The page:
April 25, 2018

6.15 am: The air was cold but the day, dry. I jogged the Llanbadarn Fawr loop, stopping-off briefly at the church; (it always seems disrespectful to race through churchyards and cemeteries). The 2-mile round trip takes me 22 minutes to complete. I need to improve on this time significantly. Tomorrow, I hope to run the Promenade loop:

7.15 am: Breakfast and domestics. 8.00 am: A communion. 8.30 am: Off to School to prepare for another PhD Fine Art Skype call. The topic: improvisation in music and visual art:

10.00 am: Email catch up and preparations for the 11.00 session on ‘Self-Reflective Writing’, for the PhD Fine Art contingent. This is the second class for a first class student contingent. I’d set no boundaries regarding how much of my preparations would be worked through during the morning. My objective was to go deep rather than wide on this occasion. The postgraduate students’ contributions were astute, generous, and open to inquiry. We’ll each have to give so much of ourselves for these classes to fully yield the fruit that we’re all searching after. 12.30 pm: A pastoral tutorial.

1.30 pm: Back at homebase, I listened to ‘Aitchay’: the third ‘hymn’ (for what else could these compositions be) in the new suite. The work is strong enough (and long enough) to hold its own either as an album in itself or, at least, as a CD in a multi-part publication. There were a number of teaching admin tasks arising from the morning’s delivery that needed my attention. ‘Enn’ ends the suite with an unresolved conclusion. This is appropriate, given the circumstances that lie beyond the substance of the compositions.

3.00 pm: I’m too fond of hibiscus:

3.20 pm: In preparation for an interview with Dr Chamberlain about my pedalboards this evening, I tested the functionality of my arrays. I’ve no idea where this conversation will lead. ‘That’s the way I like it’, as the song goes. All ship-shape! And so they should be. I’ve worked hard to make these boards rational and reliable. Teaching admin burbled away in the background.

4.00 pm: Back to the text for the new suite. The more I play the compositions back to myself, the clearer their significance becomes. Chance music or aleatoric music throws up possibilities that the composer would not have conceived of themselves. That’s to say, I’d no idea what four speech recordings by two people, slowed down 20 times, and played together would sound like, until I heard the result. In that respect, the work feels like it was made by someone other than myself. At the same time, it’s clearly my work – the pieces have many hallmarks that are evident in some of my other, more deliberate compositions. Creativity is fundamentally a mysterious process. In part, it’s a supernatural phenomenon. And these works have exceeded any expectation that I’d had for them, by many miles. Moreover, they both encapsulate and reflect back to me the sense of passion, intensity, happiness, desolation, and strangeness associated with a period in my life wherein providence and paths of two people intertwined in a remarkable way.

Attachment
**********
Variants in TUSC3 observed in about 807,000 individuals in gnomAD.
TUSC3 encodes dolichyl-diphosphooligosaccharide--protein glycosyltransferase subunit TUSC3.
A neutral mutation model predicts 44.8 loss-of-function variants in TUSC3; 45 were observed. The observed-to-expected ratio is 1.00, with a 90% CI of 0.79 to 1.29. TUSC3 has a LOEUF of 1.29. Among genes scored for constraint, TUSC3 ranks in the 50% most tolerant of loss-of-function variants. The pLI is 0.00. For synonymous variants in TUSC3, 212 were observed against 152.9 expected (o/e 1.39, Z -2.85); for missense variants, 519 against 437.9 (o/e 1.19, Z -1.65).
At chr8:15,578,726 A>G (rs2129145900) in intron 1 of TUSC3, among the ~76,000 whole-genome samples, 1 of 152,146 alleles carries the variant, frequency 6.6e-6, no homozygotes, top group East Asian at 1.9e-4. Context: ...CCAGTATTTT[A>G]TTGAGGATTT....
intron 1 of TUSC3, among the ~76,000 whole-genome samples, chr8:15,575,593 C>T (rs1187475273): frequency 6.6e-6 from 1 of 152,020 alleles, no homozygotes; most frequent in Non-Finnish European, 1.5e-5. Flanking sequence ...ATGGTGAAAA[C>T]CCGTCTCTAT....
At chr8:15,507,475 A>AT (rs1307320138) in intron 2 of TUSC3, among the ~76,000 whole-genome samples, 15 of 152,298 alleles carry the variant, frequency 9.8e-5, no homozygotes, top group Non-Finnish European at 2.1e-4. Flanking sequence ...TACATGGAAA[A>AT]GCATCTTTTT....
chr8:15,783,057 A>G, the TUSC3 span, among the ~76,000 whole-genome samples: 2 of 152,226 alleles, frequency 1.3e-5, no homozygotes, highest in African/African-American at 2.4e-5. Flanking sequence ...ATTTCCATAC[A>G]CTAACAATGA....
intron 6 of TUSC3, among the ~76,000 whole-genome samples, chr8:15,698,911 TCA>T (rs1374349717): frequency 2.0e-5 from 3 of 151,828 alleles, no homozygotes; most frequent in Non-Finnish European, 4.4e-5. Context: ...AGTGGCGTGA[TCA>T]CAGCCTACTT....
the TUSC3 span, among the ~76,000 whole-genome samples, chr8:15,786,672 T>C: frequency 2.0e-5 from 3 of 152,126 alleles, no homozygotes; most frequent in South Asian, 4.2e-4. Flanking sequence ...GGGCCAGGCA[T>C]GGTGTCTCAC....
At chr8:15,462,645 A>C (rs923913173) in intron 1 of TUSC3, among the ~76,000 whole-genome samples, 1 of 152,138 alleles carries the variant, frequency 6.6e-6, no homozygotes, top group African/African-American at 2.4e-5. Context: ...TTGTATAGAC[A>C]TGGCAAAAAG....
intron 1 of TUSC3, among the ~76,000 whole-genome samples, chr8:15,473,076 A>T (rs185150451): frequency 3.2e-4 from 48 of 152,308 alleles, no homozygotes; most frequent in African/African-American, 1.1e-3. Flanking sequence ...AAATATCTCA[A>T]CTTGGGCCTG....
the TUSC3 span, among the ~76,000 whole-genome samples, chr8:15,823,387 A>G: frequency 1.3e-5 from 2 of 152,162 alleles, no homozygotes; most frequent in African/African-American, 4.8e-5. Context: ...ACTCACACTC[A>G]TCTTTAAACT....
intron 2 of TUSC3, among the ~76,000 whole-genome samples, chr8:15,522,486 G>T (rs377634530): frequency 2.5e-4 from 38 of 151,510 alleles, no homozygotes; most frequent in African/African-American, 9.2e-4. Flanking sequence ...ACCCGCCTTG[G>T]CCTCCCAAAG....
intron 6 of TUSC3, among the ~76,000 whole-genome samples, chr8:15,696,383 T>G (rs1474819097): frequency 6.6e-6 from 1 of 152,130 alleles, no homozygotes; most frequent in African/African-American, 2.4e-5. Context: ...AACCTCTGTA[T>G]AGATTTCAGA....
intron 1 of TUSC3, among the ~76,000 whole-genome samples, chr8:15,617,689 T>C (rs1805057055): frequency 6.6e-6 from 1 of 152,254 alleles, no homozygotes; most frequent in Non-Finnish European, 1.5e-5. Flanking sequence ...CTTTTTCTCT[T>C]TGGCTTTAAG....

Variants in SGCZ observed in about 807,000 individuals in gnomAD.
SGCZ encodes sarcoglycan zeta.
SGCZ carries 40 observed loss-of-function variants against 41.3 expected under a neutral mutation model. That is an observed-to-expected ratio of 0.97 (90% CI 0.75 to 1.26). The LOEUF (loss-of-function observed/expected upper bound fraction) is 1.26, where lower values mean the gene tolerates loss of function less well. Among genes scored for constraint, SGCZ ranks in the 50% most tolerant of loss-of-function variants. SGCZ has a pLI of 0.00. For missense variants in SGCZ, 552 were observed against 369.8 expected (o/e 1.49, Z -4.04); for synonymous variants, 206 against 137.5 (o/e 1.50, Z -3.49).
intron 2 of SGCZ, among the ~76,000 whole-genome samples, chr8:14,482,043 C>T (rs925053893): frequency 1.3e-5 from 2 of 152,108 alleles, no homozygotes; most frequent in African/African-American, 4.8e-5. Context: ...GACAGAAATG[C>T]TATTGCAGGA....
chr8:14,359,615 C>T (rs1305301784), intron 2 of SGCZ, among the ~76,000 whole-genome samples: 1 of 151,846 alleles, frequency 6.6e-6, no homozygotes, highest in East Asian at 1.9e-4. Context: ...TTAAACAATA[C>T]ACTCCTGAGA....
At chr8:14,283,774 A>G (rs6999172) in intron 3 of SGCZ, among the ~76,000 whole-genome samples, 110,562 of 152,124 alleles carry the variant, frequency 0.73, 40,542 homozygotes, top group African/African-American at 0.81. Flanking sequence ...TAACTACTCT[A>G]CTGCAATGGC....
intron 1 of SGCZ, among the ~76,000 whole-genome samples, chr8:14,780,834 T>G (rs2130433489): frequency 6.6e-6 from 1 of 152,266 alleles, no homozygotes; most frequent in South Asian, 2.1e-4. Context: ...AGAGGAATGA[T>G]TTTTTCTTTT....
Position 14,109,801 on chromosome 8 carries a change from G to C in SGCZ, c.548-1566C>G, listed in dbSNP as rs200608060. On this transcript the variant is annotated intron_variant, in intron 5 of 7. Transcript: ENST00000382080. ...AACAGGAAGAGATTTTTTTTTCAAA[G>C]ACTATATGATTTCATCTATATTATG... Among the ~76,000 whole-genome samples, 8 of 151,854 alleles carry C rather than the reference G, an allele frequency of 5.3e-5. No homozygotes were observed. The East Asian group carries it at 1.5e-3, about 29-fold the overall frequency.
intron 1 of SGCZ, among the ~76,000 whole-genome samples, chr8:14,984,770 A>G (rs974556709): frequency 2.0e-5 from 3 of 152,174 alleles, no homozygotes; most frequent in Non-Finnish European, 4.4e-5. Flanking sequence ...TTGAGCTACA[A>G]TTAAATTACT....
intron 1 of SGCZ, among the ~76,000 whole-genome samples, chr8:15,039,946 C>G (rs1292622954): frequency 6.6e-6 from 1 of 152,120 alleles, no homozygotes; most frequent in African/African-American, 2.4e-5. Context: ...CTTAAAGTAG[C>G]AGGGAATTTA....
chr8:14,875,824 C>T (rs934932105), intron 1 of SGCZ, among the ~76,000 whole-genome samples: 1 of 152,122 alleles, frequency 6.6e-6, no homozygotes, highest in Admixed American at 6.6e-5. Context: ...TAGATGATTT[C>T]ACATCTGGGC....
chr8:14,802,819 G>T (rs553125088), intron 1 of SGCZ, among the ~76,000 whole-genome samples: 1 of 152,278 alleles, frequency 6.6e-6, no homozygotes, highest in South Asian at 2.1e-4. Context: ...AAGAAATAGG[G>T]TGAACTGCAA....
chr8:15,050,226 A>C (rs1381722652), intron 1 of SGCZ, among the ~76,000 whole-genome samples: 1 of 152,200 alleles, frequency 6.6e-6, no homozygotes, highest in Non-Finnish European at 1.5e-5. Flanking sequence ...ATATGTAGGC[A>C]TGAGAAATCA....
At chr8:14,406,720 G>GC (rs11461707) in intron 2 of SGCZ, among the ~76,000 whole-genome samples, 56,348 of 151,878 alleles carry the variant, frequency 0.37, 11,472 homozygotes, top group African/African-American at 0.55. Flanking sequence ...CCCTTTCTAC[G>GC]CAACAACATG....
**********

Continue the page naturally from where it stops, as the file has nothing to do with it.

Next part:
7.30 pm: You have to have the right type of shoe to work a pedalboard: something slim and hugging, and soft under the sole, so that the buttons can be felt:

Dr Chamberlain arrived with his video camera and a list of questions with which to interrogate me regarding guitar pedals and practice:

We talked for over an hour about boards, arrangements, power supplies, cables, foot choreography, purchases, sound modification, influences, intentions, and methodology. Great fun! Two little boys in a toy shop.

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